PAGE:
Distinguished Canberra journalist, Paul Bongiorno, recently presented his views on democracy in Australia in a lecture entitled, Mediating democracy: journalism in the post truth age. This was part of the Forum Series: Whither Democracy, chaired by Emeritus Professor, John Warhurst AO, at Christians for an Ethical Society, Barton (www.ces.org.au). While Australia’s machinery of government and electoral processes work well says Paul, many Australians do not trust government. He cited factors that have led to electorate disenchantment: the media’s tendency to follow models where editorial choices about stories are dictated by business; “shock jocks’ ability to easily knock out” the voices of groups with different views; regular criticisms of our public broadcaster the ABC by various governments and calls to privatise it; online sites which provide politicians with myriad opportunities to bypass media scrutiny; and the capacity for politicians to present inaccurate images (think the Children Overboard issue for instance) for political advantages but which do not properly inform voters.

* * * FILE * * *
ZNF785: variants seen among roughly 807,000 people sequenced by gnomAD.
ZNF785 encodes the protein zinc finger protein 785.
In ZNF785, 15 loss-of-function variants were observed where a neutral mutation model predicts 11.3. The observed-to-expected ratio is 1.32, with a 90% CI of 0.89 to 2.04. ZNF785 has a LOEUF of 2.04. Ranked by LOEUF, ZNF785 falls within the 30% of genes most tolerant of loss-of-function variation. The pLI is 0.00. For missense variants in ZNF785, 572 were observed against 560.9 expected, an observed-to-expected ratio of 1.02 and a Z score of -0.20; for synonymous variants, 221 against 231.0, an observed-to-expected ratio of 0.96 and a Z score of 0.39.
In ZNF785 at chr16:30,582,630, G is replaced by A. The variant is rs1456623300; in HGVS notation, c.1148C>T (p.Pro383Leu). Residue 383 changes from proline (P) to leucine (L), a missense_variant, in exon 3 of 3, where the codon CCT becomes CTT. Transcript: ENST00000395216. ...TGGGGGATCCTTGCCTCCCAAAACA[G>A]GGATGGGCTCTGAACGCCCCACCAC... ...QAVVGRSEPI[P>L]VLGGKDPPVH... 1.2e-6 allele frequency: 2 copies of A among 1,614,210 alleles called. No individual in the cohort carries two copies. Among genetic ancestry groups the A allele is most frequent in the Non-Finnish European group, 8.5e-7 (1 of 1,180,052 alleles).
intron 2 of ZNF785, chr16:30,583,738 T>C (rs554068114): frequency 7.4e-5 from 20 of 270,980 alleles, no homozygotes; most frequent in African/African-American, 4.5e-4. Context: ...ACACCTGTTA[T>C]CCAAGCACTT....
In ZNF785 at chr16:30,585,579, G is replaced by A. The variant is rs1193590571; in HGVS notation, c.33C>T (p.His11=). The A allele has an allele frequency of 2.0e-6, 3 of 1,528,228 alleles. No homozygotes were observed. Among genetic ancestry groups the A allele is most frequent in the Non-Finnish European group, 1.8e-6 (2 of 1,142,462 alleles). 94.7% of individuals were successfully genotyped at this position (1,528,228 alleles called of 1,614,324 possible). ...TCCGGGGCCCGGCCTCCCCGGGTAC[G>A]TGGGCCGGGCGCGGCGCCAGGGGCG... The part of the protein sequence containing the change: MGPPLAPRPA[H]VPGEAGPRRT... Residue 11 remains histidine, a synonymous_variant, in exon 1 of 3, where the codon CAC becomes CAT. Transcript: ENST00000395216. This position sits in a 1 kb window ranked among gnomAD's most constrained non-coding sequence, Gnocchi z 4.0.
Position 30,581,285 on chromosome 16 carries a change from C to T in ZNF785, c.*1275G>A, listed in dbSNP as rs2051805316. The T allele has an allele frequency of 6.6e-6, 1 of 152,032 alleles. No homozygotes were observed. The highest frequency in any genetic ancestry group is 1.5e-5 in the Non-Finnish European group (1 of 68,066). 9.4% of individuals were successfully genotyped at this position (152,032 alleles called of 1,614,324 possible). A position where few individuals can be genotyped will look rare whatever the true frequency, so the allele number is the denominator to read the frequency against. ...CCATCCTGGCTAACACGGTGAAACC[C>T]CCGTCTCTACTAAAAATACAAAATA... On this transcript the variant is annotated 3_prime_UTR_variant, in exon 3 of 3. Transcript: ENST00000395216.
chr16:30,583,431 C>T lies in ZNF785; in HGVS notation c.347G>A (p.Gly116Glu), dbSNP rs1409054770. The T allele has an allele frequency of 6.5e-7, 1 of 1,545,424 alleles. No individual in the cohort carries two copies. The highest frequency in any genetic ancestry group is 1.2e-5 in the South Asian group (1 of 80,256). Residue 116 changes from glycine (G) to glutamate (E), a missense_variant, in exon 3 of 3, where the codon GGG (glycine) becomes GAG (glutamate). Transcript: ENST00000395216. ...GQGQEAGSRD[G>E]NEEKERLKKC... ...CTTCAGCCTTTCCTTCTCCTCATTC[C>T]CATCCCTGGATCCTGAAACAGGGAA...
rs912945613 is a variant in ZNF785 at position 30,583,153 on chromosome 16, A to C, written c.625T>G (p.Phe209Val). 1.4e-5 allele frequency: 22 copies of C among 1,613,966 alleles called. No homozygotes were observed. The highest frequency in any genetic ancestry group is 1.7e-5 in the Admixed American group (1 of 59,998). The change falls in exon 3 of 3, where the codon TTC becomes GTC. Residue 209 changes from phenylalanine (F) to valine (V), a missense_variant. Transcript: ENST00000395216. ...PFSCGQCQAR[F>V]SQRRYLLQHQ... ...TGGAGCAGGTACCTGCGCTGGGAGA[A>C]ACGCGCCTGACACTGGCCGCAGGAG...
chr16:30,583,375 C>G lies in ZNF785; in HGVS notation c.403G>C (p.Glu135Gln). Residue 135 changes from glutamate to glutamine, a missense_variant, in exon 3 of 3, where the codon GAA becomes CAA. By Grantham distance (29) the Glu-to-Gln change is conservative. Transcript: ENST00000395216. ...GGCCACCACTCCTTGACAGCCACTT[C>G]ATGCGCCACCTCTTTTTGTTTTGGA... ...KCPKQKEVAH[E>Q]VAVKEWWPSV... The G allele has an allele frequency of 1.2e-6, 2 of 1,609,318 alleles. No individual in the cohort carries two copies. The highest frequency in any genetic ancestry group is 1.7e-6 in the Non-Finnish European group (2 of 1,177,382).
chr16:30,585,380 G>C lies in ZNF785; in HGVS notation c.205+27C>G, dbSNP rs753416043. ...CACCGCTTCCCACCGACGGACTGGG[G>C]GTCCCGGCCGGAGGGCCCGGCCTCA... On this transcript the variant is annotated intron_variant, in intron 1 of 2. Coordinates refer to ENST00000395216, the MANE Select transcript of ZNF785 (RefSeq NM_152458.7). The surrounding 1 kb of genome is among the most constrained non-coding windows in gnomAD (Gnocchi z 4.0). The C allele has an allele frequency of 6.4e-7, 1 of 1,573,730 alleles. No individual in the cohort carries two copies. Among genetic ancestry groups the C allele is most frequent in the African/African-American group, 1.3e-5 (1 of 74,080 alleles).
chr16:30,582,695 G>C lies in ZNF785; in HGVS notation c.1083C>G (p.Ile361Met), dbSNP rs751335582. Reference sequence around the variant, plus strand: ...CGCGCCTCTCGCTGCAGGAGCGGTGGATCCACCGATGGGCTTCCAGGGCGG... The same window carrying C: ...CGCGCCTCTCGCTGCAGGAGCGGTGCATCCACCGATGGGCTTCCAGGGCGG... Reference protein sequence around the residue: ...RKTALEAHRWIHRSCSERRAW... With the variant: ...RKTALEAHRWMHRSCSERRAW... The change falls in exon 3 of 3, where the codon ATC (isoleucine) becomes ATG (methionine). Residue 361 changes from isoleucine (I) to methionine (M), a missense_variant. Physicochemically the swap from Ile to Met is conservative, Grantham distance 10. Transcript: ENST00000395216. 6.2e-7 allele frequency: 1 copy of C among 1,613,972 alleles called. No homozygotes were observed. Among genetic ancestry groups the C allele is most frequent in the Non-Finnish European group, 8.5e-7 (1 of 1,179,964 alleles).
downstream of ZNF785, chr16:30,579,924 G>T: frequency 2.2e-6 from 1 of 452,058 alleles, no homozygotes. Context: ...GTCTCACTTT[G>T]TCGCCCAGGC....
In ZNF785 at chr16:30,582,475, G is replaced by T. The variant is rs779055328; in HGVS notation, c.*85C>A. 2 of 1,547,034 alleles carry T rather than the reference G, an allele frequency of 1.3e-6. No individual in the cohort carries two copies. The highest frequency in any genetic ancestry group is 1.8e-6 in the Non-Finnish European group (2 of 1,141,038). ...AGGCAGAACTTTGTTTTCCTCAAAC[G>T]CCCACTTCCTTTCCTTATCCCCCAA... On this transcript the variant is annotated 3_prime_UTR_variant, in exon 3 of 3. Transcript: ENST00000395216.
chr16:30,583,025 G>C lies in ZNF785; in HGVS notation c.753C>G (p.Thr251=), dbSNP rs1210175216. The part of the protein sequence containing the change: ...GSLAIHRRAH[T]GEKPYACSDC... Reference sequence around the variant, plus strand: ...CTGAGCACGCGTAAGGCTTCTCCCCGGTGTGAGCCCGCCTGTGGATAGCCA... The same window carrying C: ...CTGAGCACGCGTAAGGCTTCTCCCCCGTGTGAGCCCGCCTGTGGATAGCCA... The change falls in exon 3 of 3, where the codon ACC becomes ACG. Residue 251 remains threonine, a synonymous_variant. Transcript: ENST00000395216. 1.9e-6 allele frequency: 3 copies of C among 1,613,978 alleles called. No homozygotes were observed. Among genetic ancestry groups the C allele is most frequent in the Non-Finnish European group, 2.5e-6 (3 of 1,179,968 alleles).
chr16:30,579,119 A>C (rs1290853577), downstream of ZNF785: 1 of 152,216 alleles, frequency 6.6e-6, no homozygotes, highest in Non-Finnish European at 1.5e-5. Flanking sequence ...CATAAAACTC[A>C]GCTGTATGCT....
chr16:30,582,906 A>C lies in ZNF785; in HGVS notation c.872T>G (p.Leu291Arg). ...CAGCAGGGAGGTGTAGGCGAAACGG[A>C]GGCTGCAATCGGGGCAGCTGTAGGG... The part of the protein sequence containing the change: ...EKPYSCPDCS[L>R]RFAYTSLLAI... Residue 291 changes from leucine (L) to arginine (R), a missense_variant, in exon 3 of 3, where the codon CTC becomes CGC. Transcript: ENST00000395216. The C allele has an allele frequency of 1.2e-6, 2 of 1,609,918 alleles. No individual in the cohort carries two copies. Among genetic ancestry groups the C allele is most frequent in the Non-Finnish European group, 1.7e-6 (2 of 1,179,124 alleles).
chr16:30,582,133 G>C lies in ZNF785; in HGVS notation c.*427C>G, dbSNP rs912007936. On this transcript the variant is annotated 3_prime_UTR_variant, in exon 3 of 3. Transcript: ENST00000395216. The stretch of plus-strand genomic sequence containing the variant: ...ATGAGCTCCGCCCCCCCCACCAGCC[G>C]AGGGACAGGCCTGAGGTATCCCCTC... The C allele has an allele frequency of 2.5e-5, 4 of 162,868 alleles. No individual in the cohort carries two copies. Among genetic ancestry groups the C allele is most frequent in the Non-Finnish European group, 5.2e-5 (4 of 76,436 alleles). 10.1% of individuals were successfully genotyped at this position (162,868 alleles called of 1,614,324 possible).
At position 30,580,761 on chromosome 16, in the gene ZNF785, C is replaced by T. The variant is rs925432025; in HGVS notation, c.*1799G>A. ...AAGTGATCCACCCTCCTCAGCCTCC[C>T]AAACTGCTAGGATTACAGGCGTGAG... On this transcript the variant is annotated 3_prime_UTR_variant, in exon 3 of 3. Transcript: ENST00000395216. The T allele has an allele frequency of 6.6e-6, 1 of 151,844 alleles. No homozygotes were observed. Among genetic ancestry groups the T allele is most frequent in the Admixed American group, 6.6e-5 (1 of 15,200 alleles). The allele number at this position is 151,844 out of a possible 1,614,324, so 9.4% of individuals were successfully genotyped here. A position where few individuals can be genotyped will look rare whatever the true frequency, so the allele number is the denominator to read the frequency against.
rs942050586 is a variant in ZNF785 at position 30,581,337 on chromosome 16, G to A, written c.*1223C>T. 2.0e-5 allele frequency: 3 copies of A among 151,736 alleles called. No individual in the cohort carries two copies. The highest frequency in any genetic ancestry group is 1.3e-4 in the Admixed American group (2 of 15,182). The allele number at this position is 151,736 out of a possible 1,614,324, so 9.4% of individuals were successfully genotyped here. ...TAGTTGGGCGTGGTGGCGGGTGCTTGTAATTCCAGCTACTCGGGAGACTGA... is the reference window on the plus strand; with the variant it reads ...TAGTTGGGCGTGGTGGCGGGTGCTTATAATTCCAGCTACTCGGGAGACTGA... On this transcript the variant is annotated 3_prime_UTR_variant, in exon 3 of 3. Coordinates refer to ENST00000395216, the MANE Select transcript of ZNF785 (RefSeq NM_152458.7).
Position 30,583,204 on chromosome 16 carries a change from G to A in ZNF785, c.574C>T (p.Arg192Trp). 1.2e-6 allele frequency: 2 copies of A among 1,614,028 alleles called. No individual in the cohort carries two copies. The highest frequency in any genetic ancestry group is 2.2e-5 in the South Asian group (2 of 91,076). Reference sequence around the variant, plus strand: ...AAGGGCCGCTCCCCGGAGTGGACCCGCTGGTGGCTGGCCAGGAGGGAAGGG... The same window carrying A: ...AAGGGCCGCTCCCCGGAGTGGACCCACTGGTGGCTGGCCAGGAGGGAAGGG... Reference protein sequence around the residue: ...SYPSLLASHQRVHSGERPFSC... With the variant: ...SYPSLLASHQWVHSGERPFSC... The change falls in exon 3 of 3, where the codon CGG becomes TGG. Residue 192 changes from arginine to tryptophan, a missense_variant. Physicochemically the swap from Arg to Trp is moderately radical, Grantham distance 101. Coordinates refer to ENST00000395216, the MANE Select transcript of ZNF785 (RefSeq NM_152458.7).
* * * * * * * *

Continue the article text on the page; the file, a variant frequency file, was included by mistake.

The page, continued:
In quoting former prime minister, Paul Keating’s view that the parliament should be “a clearing house for contested ideas”, Paul Bongiorno described parliament nowadays as “a shambles” and emphasised journalists’ crucial role in pursuing the truth and presenting accurate information to the electorate. An example of the media providing valuable checks and balances in politics he says, is The New Daily (edited by editor/journalist, Bruce Guthrie). Also on a positive note, he cited the success of Australia’s two major parties in generally maintaining safety nets; the good works of church welfare agencies; and, the electorate’s ability “ to get it right”, shown by community opinion on the same sex marriage question. In that vein, he noted that political decisions may be best left to the “good sense” of the Australian electorate.